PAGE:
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Estimating Obesity Rates in the Presence of Measurement Error

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  • O'Neill, Donal

    (National University of Ireland, Maynooth)

  • Sweetman, Olive

    (National University of Ireland, Maynooth)

Abstract

Reliable measures of obesity are essential in order to develop effective policies to tackle the costs of obesity. In this paper we examine what, if anything, we can learn about obesity rates using self-reported BMI once we allow for possible measurement error. We combine self-reported data on BMI with estimated misclassification rates obtained from auxiliary data to derive upper and lower bounds for the population obesity rate for ten European countries. For men it is possible to obtain meaningful comparisons across countries even after accounting for measurement error. In particular the self-reported data identifies a set of low obesity countries consisting of Denmark, Ireland, Italy, Greece and Portugal and a set of high obesity countries consisting of Spain and Finland. However, it is more difficult to rank countries by female obesity rates. Meaningful rankings only emerge when the misclassification rate is bounded at a level that is much lower than that observed in auxiliary data. A similar limit on misclassification rates is also needed before we can begin to observe meaningful gender differences in obesity rates within countries.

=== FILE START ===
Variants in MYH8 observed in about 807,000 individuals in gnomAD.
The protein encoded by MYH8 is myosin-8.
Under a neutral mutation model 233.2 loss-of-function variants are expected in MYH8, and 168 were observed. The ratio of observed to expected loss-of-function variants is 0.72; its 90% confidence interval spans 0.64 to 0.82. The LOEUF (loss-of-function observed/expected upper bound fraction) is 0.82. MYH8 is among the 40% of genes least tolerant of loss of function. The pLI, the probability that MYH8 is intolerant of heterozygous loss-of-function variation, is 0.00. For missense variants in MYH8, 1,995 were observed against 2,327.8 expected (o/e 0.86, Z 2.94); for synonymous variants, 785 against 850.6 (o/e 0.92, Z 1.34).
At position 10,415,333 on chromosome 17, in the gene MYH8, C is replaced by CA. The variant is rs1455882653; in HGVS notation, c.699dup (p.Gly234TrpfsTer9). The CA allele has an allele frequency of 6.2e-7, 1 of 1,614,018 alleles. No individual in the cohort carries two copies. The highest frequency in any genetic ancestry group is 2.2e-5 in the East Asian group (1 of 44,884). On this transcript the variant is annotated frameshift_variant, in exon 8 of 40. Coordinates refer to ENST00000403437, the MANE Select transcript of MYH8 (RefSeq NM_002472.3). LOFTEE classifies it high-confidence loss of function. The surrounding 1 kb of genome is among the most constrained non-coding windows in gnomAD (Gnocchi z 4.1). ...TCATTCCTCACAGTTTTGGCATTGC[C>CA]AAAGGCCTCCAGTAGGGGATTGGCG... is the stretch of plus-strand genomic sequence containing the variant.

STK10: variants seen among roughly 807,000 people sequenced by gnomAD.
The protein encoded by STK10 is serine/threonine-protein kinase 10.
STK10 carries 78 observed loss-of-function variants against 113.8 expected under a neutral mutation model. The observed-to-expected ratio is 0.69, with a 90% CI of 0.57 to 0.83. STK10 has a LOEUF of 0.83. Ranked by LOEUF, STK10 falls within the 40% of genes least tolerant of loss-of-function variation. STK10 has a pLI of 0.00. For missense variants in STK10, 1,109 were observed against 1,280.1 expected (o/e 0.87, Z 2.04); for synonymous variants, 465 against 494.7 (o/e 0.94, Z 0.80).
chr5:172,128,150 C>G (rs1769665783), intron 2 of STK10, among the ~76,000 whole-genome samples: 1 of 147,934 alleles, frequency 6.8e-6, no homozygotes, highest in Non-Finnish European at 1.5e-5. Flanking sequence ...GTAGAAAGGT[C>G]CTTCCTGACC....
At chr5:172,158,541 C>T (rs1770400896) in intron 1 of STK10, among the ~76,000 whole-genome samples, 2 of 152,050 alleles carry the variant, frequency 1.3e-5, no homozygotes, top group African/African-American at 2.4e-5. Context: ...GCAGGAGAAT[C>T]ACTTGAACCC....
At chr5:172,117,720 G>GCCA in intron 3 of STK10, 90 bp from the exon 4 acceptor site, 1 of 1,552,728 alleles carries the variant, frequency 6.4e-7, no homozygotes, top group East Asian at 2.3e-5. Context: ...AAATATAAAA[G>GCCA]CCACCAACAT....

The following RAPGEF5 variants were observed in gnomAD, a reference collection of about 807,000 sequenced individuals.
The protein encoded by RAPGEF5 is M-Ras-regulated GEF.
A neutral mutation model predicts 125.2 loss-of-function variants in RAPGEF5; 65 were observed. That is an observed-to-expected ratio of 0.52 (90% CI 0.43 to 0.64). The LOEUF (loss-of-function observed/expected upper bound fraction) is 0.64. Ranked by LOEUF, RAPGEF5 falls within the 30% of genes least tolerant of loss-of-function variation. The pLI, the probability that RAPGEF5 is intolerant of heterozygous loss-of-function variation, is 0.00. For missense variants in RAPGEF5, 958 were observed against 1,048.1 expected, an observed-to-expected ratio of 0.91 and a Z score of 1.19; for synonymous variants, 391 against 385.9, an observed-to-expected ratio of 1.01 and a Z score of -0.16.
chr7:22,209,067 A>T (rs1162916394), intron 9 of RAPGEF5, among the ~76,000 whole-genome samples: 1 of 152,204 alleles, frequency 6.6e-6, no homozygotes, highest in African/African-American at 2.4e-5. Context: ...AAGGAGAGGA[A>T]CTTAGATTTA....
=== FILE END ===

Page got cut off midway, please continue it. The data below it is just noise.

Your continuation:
Suggested Citation

  • O'Neill, Donal & Sweetman, Olive, 2013. "Estimating Obesity Rates in the Presence of Measurement Error," IZA Discussion Papers 7288, Institute of Labor Economics (IZA).
  • Handle: RePEc:iza:izadps:dp7288
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    Cited by:

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    3. Fernihough, Alan & McGovern, Mark E., 2015. "Physical stature decline and the health status of the elderly population in England," Economics & Human Biology, Elsevier, vol. 16(C), pages 30-44.
    4. Åsa Ljungvall & Ulf Gerdtham & Ulf Lindblad, 2015. "Misreporting and misclassification: implications for socioeconomic disparities in body-mass index and obesity," The European Journal of Health Economics, Springer;Deutsche Gesellschaft für Gesundheitsökonomie (DGGÖ), vol. 16(1), pages 5-20, January.

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    More about this item

    Keywords

    obesity; measurement error; bounds;
    All these keywords.

    JEL classification:

    • C13 - Mathematical and Quantitative Methods - - Econometric and Statistical Methods and Methodology: General - - - Estimation: General
    • C26 - Mathematical and Quantitative Methods - - Single Equation Models; Single Variables - - - Instrumental Variables (IV) Estimation
    • I14 - Health, Education, and Welfare - - Health - - - Health and Inequality

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